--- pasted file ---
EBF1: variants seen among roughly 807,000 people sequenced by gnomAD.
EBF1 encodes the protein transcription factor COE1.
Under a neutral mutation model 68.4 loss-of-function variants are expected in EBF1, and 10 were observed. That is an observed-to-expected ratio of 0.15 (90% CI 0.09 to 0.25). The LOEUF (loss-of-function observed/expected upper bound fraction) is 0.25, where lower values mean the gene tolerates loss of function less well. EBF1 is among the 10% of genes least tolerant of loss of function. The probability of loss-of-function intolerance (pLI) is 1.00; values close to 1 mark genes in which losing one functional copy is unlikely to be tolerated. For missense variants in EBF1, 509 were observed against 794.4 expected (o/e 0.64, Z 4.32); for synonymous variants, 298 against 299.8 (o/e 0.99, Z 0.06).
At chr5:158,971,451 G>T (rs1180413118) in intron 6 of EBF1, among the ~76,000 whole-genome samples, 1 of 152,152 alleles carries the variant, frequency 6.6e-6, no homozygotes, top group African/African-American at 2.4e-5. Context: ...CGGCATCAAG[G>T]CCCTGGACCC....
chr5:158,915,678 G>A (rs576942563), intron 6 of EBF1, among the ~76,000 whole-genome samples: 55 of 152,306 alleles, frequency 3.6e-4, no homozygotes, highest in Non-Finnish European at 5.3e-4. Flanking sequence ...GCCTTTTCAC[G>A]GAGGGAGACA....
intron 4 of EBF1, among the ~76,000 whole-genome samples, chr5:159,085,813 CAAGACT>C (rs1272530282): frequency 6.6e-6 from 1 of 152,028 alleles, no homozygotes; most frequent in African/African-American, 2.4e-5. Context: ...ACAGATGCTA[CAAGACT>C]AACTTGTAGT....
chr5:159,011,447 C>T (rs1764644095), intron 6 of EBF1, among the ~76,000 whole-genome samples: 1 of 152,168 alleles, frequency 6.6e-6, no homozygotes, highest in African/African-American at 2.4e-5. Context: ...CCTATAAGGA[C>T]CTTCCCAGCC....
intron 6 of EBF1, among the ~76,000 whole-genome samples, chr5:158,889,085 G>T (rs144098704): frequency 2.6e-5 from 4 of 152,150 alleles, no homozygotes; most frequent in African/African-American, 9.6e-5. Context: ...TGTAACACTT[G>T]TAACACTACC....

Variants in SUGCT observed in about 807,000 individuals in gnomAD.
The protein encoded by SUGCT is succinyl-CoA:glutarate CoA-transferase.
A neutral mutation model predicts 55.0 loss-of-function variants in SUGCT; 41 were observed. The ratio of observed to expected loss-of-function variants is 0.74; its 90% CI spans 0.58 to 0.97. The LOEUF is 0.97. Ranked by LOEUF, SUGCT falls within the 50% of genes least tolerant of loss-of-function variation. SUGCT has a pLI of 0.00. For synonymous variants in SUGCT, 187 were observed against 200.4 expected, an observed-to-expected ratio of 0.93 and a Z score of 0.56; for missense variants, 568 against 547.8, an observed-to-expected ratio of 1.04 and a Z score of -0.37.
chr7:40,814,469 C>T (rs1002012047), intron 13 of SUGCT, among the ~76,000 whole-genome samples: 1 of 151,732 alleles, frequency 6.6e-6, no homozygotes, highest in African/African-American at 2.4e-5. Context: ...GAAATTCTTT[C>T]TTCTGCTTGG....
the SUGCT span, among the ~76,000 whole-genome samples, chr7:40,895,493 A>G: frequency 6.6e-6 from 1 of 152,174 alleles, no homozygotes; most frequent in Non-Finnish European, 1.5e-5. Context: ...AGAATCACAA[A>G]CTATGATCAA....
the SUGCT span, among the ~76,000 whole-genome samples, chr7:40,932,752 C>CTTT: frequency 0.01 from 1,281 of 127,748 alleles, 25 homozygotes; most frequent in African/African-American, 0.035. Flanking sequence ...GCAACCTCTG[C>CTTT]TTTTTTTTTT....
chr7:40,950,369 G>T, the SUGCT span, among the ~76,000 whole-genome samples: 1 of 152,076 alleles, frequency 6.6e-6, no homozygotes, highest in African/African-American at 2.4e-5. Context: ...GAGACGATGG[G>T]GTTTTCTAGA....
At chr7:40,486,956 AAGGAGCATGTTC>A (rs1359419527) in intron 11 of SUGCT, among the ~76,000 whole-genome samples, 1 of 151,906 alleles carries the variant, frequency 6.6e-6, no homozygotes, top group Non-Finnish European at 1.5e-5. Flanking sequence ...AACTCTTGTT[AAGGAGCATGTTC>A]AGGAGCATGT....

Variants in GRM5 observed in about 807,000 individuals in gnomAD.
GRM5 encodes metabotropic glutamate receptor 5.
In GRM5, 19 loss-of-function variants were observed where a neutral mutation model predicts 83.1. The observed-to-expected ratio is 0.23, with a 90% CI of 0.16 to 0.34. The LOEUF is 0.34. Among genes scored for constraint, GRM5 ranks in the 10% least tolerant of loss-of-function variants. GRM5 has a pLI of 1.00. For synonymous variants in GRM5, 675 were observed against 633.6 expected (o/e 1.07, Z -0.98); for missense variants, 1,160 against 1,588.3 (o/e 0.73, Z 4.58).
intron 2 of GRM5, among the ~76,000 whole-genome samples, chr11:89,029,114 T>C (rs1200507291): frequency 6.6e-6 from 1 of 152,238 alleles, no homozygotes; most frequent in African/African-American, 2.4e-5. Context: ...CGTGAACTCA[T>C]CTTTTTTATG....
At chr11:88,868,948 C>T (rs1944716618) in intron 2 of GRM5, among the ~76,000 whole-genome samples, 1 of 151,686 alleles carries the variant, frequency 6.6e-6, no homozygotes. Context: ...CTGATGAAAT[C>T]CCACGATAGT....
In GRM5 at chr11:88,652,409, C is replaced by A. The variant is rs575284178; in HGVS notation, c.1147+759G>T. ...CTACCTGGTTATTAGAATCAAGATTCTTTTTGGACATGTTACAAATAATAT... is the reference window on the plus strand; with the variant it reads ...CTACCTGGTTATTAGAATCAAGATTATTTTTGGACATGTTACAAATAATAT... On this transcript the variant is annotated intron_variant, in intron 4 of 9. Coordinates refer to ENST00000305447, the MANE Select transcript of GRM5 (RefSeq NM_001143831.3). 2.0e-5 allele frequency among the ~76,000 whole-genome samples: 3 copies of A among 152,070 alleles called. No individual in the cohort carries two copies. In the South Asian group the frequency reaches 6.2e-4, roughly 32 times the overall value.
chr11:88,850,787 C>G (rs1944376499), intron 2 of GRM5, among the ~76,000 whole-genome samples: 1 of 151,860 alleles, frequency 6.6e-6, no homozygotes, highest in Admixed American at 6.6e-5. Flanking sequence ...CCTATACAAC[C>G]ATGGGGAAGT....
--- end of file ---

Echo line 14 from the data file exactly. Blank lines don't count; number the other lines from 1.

the SUGCT span, among the ~76,000 whole-genome samples, chr7:40,932,752 C>CTTT: frequency 0.01 from 1,281 of 127,748 alleles, 25 homozygotes; most frequent in African/African-American, 0.035. Flanking sequence ...GCAACCTCTG[C>CTTT]TTTTTTTTTT....